Those living in communities subject to North Carolina Stormwater Permits or local stormwater management easement agreements are increasingly alarmed as rainy weather, even without a named storm, causes property to saturate and appear flooded.
Dispelling the Myth: Quality Over Quantity in Stormwater Programs
It is a common misconception that stormwater permits are intended to, or should, prevent flooding during rainfall events. What are the stormwater rules meant to do if not to prevent flooding? The answer is that they are meant to protect water quality, not quantity, or stormwater damage. Stormwater runoff from streets, yards, development sites, and agricultural fields drains into lakes, rivers, and streams carrying with it a high pollutant load. It is estimated that stormwater pollution is responsible for over 50 percent of poor water quality in the United States.
In an attempt to maintain and protect water quality, the federal Clean Water Act (“CWA”), requires a permit for discharges of wastewater, including pollutant-laden stormwater, to waters of the United States and state surface waters. Rules enforced by the Environmental Protection Agency (“EPA”) require states with delegated CWA permitting programs, such as North Carolina, to regulate stormwater discharges.
In North Carolina, as described in previous articles, stormwater management is a concern across the state. The North Carolina Department of Environmental Quality (“DEQ”) has been regulating stormwater under revised rules since January 1, 2017. At the local level, there is ongoing tension between the development community and municipalities over whether local governments may regulate stormwater management in a more restrictive manner. This disagreement has been playing out in the General Assembly.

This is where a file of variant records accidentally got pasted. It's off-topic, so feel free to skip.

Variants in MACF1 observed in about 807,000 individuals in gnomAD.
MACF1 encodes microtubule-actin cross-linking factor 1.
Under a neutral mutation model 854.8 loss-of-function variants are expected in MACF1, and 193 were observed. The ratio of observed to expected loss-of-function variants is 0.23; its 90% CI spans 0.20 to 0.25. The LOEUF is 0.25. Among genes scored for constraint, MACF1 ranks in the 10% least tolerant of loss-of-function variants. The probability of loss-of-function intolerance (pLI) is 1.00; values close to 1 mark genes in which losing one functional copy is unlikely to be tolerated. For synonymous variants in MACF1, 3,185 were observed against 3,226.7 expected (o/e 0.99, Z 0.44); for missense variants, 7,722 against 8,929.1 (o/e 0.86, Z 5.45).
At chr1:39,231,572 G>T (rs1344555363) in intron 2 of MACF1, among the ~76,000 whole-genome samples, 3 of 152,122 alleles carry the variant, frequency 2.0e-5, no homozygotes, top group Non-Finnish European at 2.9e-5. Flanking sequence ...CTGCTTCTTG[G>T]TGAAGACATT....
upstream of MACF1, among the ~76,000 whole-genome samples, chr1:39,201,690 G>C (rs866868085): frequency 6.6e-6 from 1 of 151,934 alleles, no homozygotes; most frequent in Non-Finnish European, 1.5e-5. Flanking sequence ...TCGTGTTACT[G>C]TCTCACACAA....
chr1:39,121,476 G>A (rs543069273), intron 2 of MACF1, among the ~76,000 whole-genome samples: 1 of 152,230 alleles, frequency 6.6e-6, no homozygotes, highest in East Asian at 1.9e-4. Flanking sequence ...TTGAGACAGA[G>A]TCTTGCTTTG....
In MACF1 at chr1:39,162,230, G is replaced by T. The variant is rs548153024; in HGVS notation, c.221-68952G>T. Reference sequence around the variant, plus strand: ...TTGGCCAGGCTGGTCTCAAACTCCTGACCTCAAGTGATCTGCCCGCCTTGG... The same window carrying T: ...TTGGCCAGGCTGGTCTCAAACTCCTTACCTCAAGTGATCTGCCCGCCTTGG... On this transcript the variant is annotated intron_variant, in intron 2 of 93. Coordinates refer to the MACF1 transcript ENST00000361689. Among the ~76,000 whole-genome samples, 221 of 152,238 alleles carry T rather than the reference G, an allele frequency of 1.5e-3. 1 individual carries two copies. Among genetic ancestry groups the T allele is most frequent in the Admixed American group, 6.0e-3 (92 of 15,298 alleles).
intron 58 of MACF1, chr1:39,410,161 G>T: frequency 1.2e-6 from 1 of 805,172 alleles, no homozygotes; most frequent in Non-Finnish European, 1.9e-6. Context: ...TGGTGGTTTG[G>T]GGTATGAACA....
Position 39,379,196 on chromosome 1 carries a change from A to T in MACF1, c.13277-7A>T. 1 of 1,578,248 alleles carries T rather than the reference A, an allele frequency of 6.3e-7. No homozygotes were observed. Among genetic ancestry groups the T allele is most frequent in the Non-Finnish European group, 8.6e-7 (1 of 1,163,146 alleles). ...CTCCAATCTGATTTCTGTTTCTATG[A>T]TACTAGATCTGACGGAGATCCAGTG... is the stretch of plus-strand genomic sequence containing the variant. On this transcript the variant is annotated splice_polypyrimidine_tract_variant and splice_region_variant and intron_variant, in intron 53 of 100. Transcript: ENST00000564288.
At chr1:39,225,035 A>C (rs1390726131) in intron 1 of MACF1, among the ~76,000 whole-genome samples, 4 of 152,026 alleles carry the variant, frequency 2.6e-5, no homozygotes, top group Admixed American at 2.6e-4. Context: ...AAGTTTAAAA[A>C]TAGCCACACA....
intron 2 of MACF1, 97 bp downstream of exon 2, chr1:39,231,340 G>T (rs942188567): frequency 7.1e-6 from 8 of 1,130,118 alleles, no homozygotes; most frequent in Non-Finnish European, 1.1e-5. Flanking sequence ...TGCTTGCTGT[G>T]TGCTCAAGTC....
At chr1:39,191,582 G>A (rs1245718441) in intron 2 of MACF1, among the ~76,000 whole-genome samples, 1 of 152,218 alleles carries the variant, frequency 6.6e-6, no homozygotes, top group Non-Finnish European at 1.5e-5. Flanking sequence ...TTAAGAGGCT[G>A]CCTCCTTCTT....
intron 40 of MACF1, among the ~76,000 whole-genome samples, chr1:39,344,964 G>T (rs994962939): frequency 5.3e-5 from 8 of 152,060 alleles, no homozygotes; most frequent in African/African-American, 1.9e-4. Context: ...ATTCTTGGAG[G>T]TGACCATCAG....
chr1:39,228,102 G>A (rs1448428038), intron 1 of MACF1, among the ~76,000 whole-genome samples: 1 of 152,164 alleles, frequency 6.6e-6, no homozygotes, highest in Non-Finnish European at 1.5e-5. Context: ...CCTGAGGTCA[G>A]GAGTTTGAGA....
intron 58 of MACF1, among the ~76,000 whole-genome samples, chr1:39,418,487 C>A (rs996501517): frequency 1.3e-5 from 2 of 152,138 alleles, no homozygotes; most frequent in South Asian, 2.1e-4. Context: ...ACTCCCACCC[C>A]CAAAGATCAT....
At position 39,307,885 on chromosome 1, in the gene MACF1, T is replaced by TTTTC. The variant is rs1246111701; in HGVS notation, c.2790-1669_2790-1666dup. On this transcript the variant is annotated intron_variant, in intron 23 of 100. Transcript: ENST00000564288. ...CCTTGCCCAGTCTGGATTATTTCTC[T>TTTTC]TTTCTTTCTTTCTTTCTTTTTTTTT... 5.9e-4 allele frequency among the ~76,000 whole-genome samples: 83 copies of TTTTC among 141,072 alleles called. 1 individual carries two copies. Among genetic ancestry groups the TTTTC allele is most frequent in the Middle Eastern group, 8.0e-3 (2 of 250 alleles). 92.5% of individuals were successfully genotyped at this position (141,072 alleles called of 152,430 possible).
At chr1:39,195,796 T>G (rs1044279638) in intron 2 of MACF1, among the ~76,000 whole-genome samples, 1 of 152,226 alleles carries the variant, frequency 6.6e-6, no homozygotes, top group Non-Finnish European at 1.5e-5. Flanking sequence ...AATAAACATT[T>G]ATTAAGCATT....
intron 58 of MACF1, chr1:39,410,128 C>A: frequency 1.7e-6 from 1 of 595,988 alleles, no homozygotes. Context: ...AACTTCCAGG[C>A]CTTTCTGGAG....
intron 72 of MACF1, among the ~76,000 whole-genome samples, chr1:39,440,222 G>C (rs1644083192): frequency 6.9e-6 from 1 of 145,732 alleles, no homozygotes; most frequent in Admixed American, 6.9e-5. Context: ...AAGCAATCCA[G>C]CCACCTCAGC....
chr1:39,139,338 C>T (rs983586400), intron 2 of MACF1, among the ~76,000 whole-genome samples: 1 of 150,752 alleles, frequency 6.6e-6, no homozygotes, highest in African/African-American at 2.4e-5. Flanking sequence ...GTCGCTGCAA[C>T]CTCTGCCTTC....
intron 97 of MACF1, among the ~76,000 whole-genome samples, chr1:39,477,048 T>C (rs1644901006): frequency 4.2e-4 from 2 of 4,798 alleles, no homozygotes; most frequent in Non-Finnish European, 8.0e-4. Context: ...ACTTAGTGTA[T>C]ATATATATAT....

The primary method to control stormwater discharges is use of best management practices tailored to on-site activities—whether industrial, commercial, or residential—to reduce pollutant sources. DEQ’s Division of Energy, Mineral and Land Resources (“DEMLR”) implements and enforces various stormwater permitting programs in North Carolina, including those that address construction projects disturbing more than an acre, larger municipalities’ discharge permits known as the MS4 Program, and the Coastal Counties Program.
DEMLR’s overall Stormwater Permitting Program is a compendium of statewide stormwater control policies, strategies, and rules designed to protect surface waters from the impacts of pollutants from runoff. Nutrient management also is a component of stormwater regulations in North Carolina because of excessive loading of nitrogen and phosphorus in impaired waters such as the Neuse and Tar-Pamlico River Basins and Jordan Lake.
Stormwater Management—Construction Plans and Completed Development Drainage
Typically, construction plans initiate the process of addressing stormwater management in a project area because the construction process can involve considerable runoff from barren land stripped of foliage. But the ultimate concern is stormwater management after a development project is completed.
Runoff during construction is managed by erosion and sedimentation control plans and construction stormwater permits. In contrast, post-construction runoff is managed by controlling the amount of impervious surface or built-upon area (“BUA”) to provide enough infiltration of the stormwater into the ground and engineered control measures to contain and treat sediment and pollutants before runoff reaches waterbodies.
DEMLR issues post-construction stormwater permits and enforces stormwater management for development in a 20 county coastal area in eastern North Carolina unless the local government with jurisdiction over the construction area is required by its MS4 permit to implement its own stormwater management program.